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The Lost Symbol Hardcover – September 15, 2009
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Let's start with the question every Dan Brown fan wants answered: Is The Lost Symbol as good as The Da Vinci Code? Simply put, yes. Brown has mastered the art of blending nail-biting suspense with random arcana (from pop science to religion), and The Lost Symbol is an enthralling mix. And what a dazzling accomplishment that is, considering that rabid fans and skeptics alike are scrutinizing every word.
The Lost Symbol begins with an ancient ritual, a shadowy enclave, and of course, a secret. Readers know they are in Dan Brown territory when, by the end of the first chapter, a secret within a secret is revealed. To tell too much would ruin the fun of reading this delicious thriller, so you will find no spoilers here. Suffice it to say that as with many series featuring a recurring character, there is a bit of a formula at work (one that fans will love). Again, brilliant Harvard professor Robert Langdon finds himself in a predicament that requires his vast knowledge of symbology and superior problem-solving skills to save the day. The setting, unlike other Robert Langdon novels, is stateside, and in Brown's hands Washington D.C. is as fascinating as Paris or Vatican City (note to the D.C. tourism board: get your "Lost Symbol" tour in order). And, as with other Dan Brown books, the pace is relentless, the revelations many, and there is an endless parade of intriguing factoids that will make you feel like you are spending the afternoon with Robert Langdon and the guys from Mythbusters.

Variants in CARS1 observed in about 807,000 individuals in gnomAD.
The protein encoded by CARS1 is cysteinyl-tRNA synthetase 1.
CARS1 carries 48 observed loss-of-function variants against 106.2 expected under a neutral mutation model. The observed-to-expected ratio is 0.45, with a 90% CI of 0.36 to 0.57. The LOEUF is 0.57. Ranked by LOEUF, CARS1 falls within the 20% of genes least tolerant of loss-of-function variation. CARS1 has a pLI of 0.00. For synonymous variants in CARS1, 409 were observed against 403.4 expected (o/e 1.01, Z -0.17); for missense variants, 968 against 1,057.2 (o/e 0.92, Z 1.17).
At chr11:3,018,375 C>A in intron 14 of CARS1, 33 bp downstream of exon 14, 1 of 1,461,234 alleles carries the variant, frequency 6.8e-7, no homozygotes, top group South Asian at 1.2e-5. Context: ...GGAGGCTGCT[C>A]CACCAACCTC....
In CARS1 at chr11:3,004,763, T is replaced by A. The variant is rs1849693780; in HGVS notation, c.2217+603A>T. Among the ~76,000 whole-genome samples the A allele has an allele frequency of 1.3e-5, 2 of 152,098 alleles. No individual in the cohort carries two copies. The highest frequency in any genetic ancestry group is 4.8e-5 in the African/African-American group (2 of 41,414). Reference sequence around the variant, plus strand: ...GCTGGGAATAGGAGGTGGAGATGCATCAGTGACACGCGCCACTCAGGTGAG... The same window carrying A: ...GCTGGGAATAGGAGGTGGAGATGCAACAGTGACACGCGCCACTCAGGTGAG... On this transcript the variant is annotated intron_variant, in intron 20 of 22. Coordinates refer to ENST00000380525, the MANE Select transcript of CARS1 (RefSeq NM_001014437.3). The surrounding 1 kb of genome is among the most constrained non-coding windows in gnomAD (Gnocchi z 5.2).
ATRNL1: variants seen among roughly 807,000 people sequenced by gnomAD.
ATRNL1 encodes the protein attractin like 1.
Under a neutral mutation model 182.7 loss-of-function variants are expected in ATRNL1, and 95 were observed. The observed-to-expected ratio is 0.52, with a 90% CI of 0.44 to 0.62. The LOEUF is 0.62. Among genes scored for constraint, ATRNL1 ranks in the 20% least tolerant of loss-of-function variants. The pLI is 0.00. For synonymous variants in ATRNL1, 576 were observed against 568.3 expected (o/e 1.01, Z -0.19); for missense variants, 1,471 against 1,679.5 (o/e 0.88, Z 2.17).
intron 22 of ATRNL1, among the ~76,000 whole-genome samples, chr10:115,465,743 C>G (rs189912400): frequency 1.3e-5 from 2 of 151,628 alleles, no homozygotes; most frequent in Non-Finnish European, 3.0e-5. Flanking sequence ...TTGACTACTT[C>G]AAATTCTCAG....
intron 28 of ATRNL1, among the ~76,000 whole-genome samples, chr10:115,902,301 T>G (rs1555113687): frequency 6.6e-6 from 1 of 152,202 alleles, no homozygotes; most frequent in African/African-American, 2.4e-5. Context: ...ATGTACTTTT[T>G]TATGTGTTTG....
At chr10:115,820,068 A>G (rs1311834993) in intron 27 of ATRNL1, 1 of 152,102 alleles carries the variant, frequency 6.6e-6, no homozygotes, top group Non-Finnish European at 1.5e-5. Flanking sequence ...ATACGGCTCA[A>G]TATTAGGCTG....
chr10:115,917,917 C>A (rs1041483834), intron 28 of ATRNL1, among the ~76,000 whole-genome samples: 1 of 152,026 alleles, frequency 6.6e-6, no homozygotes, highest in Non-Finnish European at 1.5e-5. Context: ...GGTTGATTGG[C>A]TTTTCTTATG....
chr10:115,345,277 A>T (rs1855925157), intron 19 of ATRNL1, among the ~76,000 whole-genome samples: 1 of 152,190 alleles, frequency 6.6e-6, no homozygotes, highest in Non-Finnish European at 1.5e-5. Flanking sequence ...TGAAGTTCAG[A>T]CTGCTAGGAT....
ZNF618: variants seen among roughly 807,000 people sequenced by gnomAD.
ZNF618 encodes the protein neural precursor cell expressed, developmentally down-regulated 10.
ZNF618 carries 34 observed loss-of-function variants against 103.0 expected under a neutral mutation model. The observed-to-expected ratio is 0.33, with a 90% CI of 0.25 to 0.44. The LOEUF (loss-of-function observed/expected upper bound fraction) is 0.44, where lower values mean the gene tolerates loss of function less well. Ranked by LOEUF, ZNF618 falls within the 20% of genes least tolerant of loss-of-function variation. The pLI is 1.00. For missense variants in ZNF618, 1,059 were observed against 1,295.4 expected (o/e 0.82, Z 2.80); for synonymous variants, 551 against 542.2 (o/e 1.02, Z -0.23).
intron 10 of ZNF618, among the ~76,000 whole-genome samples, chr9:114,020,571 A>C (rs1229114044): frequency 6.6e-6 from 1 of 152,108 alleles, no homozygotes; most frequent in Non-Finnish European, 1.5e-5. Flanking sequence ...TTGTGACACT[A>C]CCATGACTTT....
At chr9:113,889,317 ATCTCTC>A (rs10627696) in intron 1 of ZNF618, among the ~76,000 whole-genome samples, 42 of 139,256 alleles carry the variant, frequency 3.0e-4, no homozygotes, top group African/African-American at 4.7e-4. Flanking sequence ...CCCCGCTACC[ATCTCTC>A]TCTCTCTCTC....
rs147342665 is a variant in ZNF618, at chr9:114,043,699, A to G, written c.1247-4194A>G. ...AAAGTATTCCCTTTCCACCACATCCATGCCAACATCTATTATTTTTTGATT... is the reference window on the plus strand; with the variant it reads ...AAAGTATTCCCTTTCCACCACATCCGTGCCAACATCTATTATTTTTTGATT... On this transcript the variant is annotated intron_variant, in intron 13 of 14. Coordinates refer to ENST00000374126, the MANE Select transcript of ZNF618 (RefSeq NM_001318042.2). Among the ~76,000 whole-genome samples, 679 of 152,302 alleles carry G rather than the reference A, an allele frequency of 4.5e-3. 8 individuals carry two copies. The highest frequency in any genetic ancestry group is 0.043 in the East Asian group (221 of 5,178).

Nothing is as it seems in a Robert Langdon novel, and The Lost Symbol itself is no exception--a page-turner to be sure, but Brown also challenges his fans to open their minds to new information. Skeptical? Imagine how many other thrillers would spawn millions of Google searches for noetic science, superstring theory, and Apotheosis of Washington. The Lost Symbol is brain candy of the best sort--just make sure to set aside time to enjoy your meal. --Daphne Durham
More from Dan Brown
From Publishers Weekly
Starred Review. After scores of Da Vinci Code knockoffs, spinoffs, copies and caricatures, Brown has had the stroke of brilliance to set his breakneck new thriller not in some far-off exotic locale, but right here in our own backyard. Everyone off the bus, and welcome to a Washington, D.C., they never told you about on your school trip when you were a kid, a place steeped in Masonic history that, once revealed, points to a dark, ancient conspiracy that threatens not only America but the world itself. Returning hero Robert Langdon comes to Washington to give a lecture at the behest of his old mentor, Peter Solomon. When he arrives at the U.S. Capitol for his lecture, he finds, instead of an audience, Peter's severed hand mounted on a wooden base, fingers pointing skyward to the Rotunda ceiling fresco of George Washington dressed in white robes, ascending to heaven. Langdon teases out a plethora of clues from the tattooed hand that point toward a secret portal through which an intrepid seeker will find the wisdom known as the Ancient Mysteries, or the lost wisdom of the ages. A villain known as Mal'akh, a steroid-swollen, fantastically tattooed, muscle-bodied madman, wants to locate the wisdom so he can rule the world. Mal'akh has captured Peter and promises to kill him if Langdon doesn't agree to help find the portal. Joining Langdon in his search is Peter's younger sister, Kathleen, who has been conducting experiments in a secret museum. This is just the kickoff for a deadly chase that careens back and forth, across, above and below the nation's capital, darting from revelation to revelation, pausing only to explain some piece of wondrous, historical esoterica. Jealous thriller writers will despair, doubters and nay-sayers will be proved wrong, and readers will rejoice: Dan Brown has done it again.
Read the prologue and first chapter of Dan Brown's The Lost Symbol [PDF].
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Top Customer Reviews